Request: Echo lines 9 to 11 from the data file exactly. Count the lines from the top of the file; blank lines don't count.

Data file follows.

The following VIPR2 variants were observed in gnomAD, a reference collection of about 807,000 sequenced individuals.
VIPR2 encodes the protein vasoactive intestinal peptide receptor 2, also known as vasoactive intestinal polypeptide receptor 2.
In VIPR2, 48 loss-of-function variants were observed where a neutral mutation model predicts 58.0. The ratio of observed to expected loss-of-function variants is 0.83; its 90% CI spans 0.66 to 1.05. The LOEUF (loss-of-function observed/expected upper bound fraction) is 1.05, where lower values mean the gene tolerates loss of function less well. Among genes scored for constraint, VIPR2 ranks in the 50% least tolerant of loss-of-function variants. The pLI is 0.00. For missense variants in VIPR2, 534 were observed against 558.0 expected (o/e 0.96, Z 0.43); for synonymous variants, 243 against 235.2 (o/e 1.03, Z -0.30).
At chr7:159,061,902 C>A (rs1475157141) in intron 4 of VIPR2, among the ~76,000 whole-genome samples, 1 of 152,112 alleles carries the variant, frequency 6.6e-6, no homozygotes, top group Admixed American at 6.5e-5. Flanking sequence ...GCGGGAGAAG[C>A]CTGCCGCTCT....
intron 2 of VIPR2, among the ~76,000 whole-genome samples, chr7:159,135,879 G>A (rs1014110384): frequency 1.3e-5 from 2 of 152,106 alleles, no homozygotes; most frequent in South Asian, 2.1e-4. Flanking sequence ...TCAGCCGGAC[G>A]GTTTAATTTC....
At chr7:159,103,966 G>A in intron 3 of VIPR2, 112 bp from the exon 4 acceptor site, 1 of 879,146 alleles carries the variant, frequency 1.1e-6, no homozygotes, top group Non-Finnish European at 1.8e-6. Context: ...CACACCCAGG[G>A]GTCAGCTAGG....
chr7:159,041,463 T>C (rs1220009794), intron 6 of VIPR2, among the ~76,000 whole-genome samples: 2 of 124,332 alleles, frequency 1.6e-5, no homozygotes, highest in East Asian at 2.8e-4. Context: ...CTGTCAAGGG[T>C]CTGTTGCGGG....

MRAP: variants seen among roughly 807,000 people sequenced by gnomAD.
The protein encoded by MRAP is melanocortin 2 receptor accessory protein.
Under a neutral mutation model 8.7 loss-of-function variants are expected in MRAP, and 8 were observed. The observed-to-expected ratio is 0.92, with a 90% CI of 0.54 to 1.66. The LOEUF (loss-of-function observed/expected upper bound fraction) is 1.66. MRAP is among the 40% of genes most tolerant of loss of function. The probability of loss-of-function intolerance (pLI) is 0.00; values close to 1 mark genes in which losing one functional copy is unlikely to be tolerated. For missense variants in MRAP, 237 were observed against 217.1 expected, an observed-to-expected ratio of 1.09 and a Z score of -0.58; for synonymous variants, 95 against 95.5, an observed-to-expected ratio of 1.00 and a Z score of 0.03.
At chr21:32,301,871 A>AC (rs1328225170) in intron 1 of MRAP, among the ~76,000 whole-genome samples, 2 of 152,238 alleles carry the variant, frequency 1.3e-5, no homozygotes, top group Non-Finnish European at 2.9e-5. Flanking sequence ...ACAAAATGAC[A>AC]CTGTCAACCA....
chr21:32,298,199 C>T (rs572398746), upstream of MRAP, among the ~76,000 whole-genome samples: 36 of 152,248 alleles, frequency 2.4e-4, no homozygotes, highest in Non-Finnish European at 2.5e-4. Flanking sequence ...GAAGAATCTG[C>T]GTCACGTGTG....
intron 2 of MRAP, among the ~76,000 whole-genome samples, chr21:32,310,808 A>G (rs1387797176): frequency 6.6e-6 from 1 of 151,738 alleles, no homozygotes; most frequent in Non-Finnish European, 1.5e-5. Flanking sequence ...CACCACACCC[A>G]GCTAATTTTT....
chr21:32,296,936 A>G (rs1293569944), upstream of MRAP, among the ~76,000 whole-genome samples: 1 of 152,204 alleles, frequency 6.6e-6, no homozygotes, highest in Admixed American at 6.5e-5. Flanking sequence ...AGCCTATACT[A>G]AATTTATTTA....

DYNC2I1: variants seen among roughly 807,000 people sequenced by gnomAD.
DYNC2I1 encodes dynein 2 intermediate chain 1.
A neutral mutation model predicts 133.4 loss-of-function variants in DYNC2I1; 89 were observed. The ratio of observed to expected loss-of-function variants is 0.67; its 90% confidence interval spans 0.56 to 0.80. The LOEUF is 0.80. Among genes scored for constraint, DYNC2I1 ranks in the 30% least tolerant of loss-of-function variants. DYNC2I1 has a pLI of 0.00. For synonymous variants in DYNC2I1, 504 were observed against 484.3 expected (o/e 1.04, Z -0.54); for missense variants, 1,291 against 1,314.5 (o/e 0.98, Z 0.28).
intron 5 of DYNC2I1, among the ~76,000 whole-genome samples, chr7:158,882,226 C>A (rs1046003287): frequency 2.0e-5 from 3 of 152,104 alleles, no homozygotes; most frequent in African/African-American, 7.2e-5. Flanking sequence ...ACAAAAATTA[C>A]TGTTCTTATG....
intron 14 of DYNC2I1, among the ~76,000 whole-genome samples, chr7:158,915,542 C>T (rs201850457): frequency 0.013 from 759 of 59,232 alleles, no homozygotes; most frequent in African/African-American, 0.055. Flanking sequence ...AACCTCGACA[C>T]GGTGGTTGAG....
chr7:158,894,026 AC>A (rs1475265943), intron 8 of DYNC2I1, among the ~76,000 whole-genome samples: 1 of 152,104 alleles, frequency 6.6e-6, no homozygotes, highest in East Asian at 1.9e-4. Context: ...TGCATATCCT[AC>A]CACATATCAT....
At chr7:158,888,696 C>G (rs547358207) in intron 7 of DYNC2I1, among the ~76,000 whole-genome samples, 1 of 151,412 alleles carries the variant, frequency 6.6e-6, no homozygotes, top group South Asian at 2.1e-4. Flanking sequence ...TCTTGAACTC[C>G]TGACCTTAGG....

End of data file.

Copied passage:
The protein encoded by MRAP is melanocortin 2 receptor accessory protein.
Under a neutral mutation model 8.7 loss-of-function variants are expected in MRAP, and 8 were observed. The observed-to-expected ratio is 0.92, with a 90% CI of 0.54 to 1.66. The LOEUF (loss-of-function observed/expected upper bound fraction) is 1.66. MRAP is among the 40% of genes most tolerant of loss of function. The probability of loss-of-function intolerance (pLI) is 0.00; values close to 1 mark genes in which losing one functional copy is unlikely to be tolerated. For missense variants in MRAP, 237 were observed against 217.1 expected, an observed-to-expected ratio of 1.09 and a Z score of -0.58; for synonymous variants, 95 against 95.5, an observed-to-expected ratio of 1.00 and a Z score of 0.03.
At chr21:32,301,871 A>AC (rs1328225170) in intron 1 of MRAP, among the ~76,000 whole-genome samples, 2 of 152,238 alleles carry the variant, frequency 1.3e-5, no homozygotes, top group Non-Finnish European at 2.9e-5. Flanking sequence ...ACAAAATGAC[A>AC]CTGTCAACCA....